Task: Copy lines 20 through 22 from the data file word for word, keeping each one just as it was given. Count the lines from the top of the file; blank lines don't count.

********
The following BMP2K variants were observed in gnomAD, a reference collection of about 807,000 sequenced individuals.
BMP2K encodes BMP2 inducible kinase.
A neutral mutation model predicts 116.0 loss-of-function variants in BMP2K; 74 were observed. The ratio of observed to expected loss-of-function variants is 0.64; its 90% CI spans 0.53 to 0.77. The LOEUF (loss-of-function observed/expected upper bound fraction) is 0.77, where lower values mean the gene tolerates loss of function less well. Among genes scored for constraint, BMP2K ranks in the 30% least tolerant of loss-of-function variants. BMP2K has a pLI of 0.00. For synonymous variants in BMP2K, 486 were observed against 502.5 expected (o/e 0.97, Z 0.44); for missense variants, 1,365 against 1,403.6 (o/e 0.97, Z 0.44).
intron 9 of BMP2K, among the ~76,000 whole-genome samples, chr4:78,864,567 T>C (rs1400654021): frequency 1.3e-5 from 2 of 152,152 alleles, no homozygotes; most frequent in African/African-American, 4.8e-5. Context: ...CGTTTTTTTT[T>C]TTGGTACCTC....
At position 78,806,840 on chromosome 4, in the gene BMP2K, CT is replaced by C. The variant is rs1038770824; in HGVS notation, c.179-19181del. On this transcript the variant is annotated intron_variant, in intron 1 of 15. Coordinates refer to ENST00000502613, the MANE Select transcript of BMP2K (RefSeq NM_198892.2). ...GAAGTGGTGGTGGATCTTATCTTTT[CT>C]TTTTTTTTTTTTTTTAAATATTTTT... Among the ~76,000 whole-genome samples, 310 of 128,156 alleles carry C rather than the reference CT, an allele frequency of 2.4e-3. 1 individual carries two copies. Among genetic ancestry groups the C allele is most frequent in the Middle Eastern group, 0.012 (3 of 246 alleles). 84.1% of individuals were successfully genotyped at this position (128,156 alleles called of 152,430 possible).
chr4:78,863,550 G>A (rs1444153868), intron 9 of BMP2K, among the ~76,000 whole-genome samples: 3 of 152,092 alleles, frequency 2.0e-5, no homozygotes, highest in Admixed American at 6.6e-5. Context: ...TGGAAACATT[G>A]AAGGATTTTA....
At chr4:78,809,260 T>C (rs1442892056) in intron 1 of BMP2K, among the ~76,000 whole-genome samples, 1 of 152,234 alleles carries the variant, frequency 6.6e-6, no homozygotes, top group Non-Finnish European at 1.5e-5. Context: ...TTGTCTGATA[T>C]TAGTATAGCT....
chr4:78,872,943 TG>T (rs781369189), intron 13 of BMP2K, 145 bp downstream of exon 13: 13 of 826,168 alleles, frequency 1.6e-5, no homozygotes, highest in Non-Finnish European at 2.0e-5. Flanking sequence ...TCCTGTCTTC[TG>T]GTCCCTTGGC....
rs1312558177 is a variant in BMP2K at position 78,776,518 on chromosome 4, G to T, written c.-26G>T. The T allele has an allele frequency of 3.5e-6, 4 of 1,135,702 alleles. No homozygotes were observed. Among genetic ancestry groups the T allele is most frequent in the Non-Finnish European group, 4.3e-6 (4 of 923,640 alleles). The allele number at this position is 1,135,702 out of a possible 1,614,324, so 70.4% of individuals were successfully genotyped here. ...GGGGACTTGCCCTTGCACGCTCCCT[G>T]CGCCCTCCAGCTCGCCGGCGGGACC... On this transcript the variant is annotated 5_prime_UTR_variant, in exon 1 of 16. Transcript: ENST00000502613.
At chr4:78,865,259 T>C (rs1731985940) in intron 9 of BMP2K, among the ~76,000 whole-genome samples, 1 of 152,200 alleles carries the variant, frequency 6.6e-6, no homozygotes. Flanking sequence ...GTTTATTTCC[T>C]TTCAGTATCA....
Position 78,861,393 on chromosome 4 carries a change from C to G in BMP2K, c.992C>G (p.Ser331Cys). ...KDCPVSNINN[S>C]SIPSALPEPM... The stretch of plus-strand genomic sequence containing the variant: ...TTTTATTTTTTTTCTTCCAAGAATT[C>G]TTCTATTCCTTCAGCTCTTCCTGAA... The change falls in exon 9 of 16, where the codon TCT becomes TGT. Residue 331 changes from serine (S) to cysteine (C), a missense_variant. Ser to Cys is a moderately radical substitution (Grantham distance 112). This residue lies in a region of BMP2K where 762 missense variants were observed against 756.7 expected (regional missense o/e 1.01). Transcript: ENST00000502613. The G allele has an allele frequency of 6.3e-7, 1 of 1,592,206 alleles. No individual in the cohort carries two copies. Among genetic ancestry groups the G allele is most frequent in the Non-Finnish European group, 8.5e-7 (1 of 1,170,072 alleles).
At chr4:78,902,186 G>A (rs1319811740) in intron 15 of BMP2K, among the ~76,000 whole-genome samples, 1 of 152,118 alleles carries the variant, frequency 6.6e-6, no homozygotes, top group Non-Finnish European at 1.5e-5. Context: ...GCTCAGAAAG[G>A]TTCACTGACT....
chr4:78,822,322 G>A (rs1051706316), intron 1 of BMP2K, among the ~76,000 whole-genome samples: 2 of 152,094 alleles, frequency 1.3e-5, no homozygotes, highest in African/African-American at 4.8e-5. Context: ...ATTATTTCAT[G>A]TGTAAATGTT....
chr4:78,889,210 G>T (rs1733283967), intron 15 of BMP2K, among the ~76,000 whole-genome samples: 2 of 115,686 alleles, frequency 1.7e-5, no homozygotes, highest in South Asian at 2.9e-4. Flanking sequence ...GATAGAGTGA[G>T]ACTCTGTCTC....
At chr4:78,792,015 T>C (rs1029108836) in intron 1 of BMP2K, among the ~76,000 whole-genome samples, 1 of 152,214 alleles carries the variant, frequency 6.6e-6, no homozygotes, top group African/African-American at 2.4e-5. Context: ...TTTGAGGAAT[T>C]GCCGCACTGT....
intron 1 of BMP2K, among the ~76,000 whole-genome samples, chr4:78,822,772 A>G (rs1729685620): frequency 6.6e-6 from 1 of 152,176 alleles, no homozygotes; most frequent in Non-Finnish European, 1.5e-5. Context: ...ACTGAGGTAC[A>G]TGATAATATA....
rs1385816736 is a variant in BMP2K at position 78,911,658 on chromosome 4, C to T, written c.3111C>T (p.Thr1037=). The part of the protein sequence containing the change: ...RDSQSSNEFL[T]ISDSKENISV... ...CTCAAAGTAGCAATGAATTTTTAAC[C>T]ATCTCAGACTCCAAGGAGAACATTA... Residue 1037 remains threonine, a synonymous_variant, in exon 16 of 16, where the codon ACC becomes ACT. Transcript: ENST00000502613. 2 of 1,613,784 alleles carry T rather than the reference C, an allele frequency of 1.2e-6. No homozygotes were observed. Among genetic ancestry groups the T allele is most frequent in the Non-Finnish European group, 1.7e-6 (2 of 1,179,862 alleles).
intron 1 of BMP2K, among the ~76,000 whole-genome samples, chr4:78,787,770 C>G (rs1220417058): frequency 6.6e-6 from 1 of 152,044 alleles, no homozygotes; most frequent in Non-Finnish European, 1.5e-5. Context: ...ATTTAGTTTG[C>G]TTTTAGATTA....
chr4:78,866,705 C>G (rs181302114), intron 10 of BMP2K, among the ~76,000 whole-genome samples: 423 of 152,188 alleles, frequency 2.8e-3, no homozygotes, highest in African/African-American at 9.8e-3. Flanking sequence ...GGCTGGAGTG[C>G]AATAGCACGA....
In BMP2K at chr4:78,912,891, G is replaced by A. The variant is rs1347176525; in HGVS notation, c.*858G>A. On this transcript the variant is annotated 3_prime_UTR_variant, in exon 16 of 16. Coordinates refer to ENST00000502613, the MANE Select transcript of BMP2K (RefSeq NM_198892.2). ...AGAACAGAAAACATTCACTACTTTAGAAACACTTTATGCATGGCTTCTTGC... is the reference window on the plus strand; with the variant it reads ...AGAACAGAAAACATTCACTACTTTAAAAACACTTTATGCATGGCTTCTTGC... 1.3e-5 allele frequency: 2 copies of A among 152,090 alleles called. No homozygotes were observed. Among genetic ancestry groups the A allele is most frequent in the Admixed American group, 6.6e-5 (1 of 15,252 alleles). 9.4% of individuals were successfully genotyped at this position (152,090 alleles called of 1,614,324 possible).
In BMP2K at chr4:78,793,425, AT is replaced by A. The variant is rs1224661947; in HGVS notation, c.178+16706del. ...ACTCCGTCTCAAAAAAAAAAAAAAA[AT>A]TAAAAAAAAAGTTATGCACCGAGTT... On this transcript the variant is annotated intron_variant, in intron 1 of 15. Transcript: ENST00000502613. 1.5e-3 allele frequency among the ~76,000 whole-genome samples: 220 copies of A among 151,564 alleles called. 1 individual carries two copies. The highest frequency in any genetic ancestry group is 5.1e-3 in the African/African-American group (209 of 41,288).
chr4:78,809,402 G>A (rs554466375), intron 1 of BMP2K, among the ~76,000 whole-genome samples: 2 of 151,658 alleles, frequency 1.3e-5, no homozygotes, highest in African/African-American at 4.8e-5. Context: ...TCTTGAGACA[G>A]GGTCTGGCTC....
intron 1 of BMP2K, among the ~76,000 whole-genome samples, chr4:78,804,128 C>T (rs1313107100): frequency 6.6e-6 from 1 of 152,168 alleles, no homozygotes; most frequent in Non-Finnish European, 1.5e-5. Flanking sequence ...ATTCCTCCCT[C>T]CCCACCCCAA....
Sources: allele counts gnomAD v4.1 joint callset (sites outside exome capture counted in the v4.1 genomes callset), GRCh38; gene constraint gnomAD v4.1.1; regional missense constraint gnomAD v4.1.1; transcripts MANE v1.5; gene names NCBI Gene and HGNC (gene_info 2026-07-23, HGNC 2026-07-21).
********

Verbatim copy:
In BMP2K at chr4:78,912,891, G is replaced by A. The variant is rs1347176525; in HGVS notation, c.*858G>A. On this transcript the variant is annotated 3_prime_UTR_variant, in exon 16 of 16. Coordinates refer to ENST00000502613, the MANE Select transcript of BMP2K (RefSeq NM_198892.2). ...AGAACAGAAAACATTCACTACTTTAGAAACACTTTATGCATGGCTTCTTGC... is the reference window on the plus strand; with the variant it reads ...AGAACAGAAAACATTCACTACTTTAAAAACACTTTATGCATGGCTTCTTGC... 1.3e-5 allele frequency: 2 copies of A among 152,090 alleles called. No homozygotes were observed. Among genetic ancestry groups the A allele is most frequent in the Admixed American group, 6.6e-5 (1 of 15,252 alleles). 9.4% of individuals were successfully genotyped at this position (152,090 alleles called of 1,614,324 possible).
In BMP2K at chr4:78,793,425, AT is replaced by A. The variant is rs1224661947; in HGVS notation, c.178+16706del. ...ACTCCGTCTCAAAAAAAAAAAAAAA[AT>A]TAAAAAAAAAGTTATGCACCGAGTT... On this transcript the variant is annotated intron_variant, in intron 1 of 15. Transcript: ENST00000502613. 1.5e-3 allele frequency among the ~76,000 whole-genome samples: 220 copies of A among 151,564 alleles called. 1 individual carries two copies. The highest frequency in any genetic ancestry group is 5.1e-3 in the African/African-American group (209 of 41,288).
chr4:78,809,402 G>A (rs554466375), intron 1 of BMP2K, among the ~76,000 whole-genome samples: 2 of 151,658 alleles, frequency 1.3e-5, no homozygotes, highest in African/African-American at 4.8e-5. Context: ...TCTTGAGACA[G>A]GGTCTGGCTC....